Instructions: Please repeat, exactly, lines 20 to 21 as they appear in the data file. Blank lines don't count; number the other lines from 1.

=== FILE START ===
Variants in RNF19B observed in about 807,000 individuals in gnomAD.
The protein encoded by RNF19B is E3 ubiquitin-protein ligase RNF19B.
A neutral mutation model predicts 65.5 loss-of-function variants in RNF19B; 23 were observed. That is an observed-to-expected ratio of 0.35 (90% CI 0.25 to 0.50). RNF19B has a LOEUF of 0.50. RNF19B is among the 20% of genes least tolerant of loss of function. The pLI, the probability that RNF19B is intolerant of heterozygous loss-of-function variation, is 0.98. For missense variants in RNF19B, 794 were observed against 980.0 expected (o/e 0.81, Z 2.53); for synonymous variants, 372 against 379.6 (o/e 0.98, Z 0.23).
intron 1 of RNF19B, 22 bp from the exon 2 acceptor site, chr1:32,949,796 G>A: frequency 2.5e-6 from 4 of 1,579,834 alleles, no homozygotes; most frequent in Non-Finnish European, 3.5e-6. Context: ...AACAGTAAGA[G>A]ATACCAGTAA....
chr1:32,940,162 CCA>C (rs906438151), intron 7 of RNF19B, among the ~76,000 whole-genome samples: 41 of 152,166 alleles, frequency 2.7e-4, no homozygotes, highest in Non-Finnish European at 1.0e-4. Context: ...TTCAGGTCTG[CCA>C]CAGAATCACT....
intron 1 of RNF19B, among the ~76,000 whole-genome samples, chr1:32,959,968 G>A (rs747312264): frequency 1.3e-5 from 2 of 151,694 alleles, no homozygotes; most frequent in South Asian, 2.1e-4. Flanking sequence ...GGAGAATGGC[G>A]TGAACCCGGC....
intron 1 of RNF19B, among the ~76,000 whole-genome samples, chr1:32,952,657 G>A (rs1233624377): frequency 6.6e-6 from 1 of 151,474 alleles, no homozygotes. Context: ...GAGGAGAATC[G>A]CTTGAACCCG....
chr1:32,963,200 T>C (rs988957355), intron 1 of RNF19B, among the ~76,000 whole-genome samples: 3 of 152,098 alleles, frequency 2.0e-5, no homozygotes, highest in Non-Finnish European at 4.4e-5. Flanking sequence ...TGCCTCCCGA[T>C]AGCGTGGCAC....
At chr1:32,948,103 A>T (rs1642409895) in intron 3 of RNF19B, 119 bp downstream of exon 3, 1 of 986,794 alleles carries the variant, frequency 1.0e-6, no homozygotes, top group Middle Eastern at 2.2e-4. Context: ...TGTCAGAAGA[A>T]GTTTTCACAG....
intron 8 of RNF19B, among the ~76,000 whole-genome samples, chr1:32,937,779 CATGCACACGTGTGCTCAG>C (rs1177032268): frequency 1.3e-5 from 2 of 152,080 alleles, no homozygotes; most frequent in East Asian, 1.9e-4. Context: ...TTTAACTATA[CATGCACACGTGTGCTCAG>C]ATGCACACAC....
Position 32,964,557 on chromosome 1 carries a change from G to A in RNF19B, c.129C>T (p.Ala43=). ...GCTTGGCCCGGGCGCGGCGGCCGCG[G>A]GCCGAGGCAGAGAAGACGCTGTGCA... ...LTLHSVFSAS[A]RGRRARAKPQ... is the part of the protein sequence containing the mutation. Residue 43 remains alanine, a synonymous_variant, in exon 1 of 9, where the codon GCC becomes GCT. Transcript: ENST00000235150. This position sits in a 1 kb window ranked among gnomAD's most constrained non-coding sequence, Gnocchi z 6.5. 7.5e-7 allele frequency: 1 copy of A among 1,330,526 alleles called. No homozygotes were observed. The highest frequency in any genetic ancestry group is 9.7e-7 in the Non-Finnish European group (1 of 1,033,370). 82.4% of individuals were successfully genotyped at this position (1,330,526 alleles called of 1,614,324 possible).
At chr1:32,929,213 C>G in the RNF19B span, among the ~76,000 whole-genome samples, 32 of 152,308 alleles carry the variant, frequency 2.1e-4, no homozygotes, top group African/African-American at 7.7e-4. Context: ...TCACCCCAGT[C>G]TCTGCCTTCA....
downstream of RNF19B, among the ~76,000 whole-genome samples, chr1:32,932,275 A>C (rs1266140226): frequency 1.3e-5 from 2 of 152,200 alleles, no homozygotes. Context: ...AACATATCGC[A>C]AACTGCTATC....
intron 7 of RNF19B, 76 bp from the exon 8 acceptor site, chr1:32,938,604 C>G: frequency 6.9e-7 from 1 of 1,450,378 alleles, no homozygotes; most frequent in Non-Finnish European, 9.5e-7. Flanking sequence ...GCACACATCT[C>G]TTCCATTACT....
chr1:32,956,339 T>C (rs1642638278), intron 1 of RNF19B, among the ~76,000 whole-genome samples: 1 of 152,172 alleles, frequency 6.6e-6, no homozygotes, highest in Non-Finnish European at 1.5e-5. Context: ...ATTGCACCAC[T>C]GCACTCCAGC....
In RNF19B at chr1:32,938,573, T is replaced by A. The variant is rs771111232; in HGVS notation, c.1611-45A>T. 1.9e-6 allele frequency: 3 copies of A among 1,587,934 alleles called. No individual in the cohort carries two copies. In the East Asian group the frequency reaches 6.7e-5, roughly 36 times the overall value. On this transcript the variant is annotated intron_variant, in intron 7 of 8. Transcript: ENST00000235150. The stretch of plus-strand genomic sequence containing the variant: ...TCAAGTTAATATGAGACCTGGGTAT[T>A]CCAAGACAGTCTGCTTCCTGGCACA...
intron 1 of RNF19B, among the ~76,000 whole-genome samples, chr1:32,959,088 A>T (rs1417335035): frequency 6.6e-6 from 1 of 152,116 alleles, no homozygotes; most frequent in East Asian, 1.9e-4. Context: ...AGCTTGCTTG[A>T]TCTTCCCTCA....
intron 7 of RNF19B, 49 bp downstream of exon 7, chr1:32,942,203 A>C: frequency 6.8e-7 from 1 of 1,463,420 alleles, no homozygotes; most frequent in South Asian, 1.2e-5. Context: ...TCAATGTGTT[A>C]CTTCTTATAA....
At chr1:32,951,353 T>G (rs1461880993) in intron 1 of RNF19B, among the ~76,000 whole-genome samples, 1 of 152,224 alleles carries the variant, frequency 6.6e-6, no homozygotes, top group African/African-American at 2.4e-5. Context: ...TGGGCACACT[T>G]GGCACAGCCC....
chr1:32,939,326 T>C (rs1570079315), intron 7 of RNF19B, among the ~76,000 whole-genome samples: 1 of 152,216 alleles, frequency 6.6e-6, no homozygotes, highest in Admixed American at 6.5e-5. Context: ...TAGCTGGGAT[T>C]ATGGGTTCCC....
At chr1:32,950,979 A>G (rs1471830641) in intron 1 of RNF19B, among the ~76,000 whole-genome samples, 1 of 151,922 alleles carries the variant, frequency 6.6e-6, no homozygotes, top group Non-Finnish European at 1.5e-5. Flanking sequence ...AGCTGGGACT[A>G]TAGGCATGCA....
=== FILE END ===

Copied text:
chr1:32,939,326 T>C (rs1570079315), intron 7 of RNF19B, among the ~76,000 whole-genome samples: 1 of 152,216 alleles, frequency 6.6e-6, no homozygotes, highest in Admixed American at 6.5e-5. Context: ...TAGCTGGGAT[T>C]ATGGGTTCCC....
At chr1:32,950,979 A>G (rs1471830641) in intron 1 of RNF19B, among the ~76,000 whole-genome samples, 1 of 151,922 alleles carries the variant, frequency 6.6e-6, no homozygotes, top group Non-Finnish European at 1.5e-5. Flanking sequence ...AGCTGGGACT[A>G]TAGGCATGCA....